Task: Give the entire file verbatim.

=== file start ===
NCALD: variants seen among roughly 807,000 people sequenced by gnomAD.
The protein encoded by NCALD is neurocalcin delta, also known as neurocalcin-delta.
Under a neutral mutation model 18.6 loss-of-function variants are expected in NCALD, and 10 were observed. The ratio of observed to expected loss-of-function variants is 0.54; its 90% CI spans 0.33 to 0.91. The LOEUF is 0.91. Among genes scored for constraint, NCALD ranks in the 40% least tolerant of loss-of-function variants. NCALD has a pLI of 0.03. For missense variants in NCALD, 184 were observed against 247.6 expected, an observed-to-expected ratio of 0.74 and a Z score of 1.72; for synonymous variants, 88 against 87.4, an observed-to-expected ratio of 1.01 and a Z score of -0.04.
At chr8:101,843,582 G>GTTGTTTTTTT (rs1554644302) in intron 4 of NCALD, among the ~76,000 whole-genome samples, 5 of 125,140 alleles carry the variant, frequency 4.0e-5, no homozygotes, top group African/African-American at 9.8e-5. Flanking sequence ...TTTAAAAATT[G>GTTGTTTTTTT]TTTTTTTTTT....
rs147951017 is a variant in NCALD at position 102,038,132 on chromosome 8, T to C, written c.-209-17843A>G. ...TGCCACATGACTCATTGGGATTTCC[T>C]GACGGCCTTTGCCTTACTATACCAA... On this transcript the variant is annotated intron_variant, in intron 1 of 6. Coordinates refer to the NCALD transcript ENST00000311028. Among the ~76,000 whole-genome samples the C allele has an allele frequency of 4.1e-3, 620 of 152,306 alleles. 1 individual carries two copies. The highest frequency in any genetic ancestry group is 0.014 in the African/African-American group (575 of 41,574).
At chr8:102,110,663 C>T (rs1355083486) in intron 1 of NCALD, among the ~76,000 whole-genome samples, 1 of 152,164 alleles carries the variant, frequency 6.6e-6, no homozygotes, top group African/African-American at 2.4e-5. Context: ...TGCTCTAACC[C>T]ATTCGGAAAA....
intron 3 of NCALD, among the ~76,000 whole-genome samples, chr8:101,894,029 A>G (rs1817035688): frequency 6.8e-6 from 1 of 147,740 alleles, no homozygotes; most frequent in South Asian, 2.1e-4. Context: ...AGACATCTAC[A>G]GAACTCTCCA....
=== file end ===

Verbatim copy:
NCALD: variants seen among roughly 807,000 people sequenced by gnomAD.
The protein encoded by NCALD is neurocalcin delta, also known as neurocalcin-delta.
Under a neutral mutation model 18.6 loss-of-function variants are expected in NCALD, and 10 were observed. The ratio of observed to expected loss-of-function variants is 0.54; its 90% CI spans 0.33 to 0.91. The LOEUF is 0.91. Among genes scored for constraint, NCALD ranks in the 40% least tolerant of loss-of-function variants. NCALD has a pLI of 0.03. For missense variants in NCALD, 184 were observed against 247.6 expected, an observed-to-expected ratio of 0.74 and a Z score of 1.72; for synonymous variants, 88 against 87.4, an observed-to-expected ratio of 1.01 and a Z score of -0.04.
At chr8:101,843,582 G>GTTGTTTTTTT (rs1554644302) in intron 4 of NCALD, among the ~76,000 whole-genome samples, 5 of 125,140 alleles carry the variant, frequency 4.0e-5, no homozygotes, top group African/African-American at 9.8e-5. Flanking sequence ...TTTAAAAATT[G>GTTGTTTTTTT]TTTTTTTTTT....
rs147951017 is a variant in NCALD at position 102,038,132 on chromosome 8, T to C, written c.-209-17843A>G. ...TGCCACATGACTCATTGGGATTTCC[T>C]GACGGCCTTTGCCTTACTATACCAA... On this transcript the variant is annotated intron_variant, in intron 1 of 6. Coordinates refer to the NCALD transcript ENST00000311028. Among the ~76,000 whole-genome samples the C allele has an allele frequency of 4.1e-3, 620 of 152,306 alleles. 1 individual carries two copies. The highest frequency in any genetic ancestry group is 0.014 in the African/African-American group (575 of 41,574).
At chr8:102,110,663 C>T (rs1355083486) in intron 1 of NCALD, among the ~76,000 whole-genome samples, 1 of 152,164 alleles carries the variant, frequency 6.6e-6, no homozygotes, top group African/African-American at 2.4e-5. Context: ...TGCTCTAACC[C>T]ATTCGGAAAA....
intron 3 of NCALD, among the ~76,000 whole-genome samples, chr8:101,894,029 A>G (rs1817035688): frequency 6.8e-6 from 1 of 147,740 alleles, no homozygotes; most frequent in South Asian, 2.1e-4. Context: ...AGACATCTAC[A>G]GAACTCTCCA....